- Gunnery- Gives a rate of fire bonus and is required to open up all of the other gunnery support skills.
- Motion Prediction- While, in most cases, a damage ship is going to be firing at ships of equal size, it doesn't hurt to be able to have a better chance of hitting smaller targets.
- Rapid Firing- A boost to your Rate of Fire, because it can never be high enough.
- Sharp Shooter- Increases the optimal range of all weapon turrets. Lasers pretty much need as much optimal as they can get, but this skill is just as necessary for everyone else.
- Surgical Strike- A weapon turret damage bonus that, although it's not as good as the increase you get from the basic skills, is absolutely indispensable.
- Trajectory Analysis- Boosting the falloff range of all turrets, this is required for any ship fitting autocannons and, to a lesser extent, blasters, as they usually fight in falloff range. And just so the missile users don't feel left out, here are the missile ones:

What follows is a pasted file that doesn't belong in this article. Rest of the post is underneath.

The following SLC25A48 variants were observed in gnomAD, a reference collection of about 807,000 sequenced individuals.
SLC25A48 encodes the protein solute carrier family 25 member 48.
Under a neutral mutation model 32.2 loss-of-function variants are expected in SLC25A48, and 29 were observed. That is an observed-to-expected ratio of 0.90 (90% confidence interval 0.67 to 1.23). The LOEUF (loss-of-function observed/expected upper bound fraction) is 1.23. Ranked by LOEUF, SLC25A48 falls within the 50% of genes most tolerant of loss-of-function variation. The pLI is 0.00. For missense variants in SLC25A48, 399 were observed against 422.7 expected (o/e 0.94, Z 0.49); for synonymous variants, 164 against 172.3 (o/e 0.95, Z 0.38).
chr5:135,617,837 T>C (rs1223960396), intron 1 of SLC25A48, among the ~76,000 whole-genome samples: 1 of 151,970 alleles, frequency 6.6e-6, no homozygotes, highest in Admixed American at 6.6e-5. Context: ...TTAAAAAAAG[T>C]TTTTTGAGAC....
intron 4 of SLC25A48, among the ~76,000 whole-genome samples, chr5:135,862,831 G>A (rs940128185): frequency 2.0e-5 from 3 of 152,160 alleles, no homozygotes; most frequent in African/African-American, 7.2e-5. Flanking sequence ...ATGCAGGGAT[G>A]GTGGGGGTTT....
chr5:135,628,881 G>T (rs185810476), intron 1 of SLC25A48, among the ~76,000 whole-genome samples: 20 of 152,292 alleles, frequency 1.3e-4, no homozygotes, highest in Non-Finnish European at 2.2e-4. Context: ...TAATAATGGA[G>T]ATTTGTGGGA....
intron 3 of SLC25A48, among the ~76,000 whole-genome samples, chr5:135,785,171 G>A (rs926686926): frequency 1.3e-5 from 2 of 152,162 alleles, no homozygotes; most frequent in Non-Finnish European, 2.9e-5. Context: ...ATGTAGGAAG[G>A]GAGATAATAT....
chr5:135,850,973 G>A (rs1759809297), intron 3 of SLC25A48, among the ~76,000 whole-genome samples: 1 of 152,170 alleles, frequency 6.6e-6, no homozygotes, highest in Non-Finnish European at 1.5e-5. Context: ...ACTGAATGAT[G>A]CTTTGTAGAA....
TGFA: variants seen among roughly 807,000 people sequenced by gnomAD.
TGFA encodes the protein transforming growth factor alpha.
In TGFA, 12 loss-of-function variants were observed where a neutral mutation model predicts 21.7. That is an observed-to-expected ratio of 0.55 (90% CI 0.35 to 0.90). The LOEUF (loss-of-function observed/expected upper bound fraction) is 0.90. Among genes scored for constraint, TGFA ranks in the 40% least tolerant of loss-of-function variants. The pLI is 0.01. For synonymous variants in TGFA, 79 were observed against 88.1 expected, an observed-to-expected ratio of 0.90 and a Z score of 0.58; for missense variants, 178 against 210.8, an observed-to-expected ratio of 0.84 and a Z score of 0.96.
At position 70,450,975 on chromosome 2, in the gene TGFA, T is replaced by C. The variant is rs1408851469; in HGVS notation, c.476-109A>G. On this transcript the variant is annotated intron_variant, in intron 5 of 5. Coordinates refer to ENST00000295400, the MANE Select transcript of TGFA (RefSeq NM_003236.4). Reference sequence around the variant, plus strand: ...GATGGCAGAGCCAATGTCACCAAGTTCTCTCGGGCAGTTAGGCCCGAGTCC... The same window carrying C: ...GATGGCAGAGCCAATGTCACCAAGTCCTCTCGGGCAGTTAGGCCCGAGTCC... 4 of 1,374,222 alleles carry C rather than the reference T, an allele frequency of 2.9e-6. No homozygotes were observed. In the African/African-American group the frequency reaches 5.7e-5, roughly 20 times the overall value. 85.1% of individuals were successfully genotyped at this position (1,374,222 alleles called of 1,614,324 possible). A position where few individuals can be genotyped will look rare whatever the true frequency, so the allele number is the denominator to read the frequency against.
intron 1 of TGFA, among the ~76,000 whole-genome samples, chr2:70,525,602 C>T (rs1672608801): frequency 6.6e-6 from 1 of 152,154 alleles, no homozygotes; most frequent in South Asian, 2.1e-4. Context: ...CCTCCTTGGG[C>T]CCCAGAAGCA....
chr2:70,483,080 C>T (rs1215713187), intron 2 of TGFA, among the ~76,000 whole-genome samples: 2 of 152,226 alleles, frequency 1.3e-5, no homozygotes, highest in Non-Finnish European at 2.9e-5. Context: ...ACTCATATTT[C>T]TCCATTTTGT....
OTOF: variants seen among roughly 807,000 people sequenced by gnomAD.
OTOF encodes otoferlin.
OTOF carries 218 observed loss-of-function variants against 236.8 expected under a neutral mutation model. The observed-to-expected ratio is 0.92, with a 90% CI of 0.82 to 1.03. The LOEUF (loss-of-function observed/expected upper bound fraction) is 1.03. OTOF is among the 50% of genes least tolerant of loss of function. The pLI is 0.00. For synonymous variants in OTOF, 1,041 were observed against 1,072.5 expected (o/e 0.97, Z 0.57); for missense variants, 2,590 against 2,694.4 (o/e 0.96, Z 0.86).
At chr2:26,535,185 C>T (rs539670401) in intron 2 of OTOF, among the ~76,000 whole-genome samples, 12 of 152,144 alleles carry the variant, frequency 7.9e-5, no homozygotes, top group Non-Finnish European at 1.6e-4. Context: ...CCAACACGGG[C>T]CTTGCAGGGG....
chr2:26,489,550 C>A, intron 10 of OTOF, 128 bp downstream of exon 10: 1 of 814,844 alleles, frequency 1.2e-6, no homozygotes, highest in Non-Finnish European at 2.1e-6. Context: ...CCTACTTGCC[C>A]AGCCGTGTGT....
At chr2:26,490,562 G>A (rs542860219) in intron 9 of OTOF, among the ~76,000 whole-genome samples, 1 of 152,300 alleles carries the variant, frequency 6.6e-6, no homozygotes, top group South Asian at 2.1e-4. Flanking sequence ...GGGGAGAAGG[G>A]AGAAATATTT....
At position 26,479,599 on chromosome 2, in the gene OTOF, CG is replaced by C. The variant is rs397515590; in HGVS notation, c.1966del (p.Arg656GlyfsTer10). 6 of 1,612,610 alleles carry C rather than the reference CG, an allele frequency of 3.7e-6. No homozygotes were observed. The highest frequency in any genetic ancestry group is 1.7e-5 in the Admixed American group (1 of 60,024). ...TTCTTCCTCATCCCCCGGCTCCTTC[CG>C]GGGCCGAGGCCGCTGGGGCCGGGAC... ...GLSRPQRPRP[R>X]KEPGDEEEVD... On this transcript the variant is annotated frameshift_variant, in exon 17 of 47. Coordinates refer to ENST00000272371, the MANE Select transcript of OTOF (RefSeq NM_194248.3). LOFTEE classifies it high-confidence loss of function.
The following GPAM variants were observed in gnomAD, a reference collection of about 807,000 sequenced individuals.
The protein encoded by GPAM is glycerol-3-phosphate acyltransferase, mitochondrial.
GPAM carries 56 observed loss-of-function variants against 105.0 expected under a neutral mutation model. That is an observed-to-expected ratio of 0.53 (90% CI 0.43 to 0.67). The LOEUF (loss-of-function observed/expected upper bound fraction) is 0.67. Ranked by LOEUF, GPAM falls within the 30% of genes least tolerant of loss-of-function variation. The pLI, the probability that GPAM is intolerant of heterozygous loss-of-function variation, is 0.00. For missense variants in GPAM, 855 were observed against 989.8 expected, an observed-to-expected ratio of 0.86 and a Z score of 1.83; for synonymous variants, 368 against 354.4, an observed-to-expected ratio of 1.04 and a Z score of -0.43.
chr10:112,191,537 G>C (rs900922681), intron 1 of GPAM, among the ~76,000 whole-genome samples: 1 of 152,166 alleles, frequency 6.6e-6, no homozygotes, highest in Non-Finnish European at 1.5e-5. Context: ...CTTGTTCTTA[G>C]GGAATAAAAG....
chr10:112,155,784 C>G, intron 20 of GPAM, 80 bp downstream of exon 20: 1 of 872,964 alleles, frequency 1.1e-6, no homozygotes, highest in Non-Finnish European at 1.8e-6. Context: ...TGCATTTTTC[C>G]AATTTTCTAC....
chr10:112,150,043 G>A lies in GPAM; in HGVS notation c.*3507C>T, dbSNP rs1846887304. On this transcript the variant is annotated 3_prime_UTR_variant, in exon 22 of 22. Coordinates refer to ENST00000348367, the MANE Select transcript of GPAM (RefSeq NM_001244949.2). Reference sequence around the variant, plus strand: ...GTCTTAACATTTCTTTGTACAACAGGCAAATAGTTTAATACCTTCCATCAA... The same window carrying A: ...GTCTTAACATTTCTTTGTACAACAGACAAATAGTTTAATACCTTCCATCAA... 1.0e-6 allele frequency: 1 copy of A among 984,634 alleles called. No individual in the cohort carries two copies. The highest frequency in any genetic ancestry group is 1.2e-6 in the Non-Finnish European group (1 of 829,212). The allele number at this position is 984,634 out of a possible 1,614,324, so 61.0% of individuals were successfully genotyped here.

- Guided Missile Precision- Increases the accuracy of guided missiles, which makes them more effective against smaller targets. Has no effect on unguided missiles such as rockets or heavy assault missiles.
- Missile Bombardment/Projection- These skills boost the flight time and velocity of all missiles, increasing their effective range.
- Rapid Launch/Warhead Upgrades- The Rapid Firing and Surgical Strike of missile launcher skills.
- Target Navigation Prediction- Increases the explosion velocity of all missiles, giving you a better chance of damaging fast moving targets.
And finally, the general weapon skills:
- Weapon Upgrades- This and the advanced version don't affect your damage directly, but they reduce the fitting costs of all turrets, launchers, and smart bombs, allowing you to fit a full rack of weapons more easily.
- Basic Weapon Skills- From Small Energy Turrets to Missile Launcher operation, these are your bread and butter. Needed for you to even be able to begin using the module, they also need to be fully trained before you can get the specialization skills. Training the basic missile skills is a bit different to gunnery; instead of needing a skill for each class of turret you just need Missile Launcher Operation to a certain level and a level in the specific missile type you intend to use (rockets, torpedoes, etc).